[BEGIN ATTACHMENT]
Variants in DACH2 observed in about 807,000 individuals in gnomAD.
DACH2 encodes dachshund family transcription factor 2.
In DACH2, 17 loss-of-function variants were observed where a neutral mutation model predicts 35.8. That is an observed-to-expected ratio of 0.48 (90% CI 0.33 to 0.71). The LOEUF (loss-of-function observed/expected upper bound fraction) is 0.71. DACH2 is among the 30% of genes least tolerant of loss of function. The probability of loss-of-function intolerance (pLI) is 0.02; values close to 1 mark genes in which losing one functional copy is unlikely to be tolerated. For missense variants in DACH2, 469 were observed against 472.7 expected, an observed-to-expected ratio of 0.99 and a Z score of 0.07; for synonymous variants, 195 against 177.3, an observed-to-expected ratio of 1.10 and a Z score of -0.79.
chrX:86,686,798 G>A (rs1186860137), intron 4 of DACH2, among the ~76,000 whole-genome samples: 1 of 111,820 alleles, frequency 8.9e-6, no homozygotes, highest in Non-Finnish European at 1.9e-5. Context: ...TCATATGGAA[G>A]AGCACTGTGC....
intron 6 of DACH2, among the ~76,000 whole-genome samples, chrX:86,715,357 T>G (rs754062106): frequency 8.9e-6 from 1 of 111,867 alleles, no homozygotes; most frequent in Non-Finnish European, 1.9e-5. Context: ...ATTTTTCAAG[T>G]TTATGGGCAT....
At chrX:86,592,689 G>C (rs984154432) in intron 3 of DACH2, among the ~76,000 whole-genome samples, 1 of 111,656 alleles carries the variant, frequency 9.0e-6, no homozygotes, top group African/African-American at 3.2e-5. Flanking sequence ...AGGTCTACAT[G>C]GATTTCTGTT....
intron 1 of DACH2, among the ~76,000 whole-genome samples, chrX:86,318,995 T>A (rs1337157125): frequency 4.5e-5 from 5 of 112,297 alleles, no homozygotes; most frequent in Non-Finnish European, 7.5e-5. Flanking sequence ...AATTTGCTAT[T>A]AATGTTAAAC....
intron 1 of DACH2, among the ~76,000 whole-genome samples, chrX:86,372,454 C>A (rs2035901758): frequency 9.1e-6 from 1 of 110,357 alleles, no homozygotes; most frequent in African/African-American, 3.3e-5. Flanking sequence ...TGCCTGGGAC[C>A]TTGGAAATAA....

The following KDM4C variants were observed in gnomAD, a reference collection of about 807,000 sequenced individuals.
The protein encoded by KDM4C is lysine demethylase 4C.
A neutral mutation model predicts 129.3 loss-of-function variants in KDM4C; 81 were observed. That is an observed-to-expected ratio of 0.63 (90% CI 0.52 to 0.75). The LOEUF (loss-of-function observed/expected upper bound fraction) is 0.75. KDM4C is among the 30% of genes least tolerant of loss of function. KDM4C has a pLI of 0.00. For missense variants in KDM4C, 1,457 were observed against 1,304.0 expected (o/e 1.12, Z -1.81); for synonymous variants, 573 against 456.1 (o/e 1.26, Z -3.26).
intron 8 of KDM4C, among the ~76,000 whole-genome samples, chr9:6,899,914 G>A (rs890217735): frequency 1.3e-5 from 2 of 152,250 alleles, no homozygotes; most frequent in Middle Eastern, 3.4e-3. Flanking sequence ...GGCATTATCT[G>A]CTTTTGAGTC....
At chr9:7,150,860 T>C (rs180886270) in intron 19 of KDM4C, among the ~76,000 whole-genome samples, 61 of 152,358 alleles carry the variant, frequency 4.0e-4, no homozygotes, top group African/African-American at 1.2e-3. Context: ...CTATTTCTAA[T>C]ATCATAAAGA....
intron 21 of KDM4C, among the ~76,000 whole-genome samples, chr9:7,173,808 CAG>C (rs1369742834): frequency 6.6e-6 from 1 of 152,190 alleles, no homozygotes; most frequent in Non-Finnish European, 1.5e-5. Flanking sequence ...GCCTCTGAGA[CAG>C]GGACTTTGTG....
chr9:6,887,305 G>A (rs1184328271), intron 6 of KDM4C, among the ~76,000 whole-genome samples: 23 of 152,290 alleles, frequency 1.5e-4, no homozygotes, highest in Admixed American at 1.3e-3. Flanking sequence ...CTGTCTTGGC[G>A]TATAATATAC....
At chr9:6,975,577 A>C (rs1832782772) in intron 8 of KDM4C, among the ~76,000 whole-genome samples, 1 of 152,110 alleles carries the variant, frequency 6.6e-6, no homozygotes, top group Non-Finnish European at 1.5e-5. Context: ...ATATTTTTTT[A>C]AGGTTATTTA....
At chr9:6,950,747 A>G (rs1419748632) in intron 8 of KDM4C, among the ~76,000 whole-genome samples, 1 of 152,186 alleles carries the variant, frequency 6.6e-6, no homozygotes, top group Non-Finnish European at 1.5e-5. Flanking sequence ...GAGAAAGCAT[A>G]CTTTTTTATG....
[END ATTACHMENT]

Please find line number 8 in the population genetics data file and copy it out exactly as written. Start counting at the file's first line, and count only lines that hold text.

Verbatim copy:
intron 1 of DACH2, among the ~76,000 whole-genome samples, chrX:86,372,454 C>A (rs2035901758): frequency 9.1e-6 from 1 of 110,357 alleles, no homozygotes; most frequent in African/African-American, 3.3e-5. Flanking sequence ...TGCCTGGGAC[C>A]TTGGAAATAA....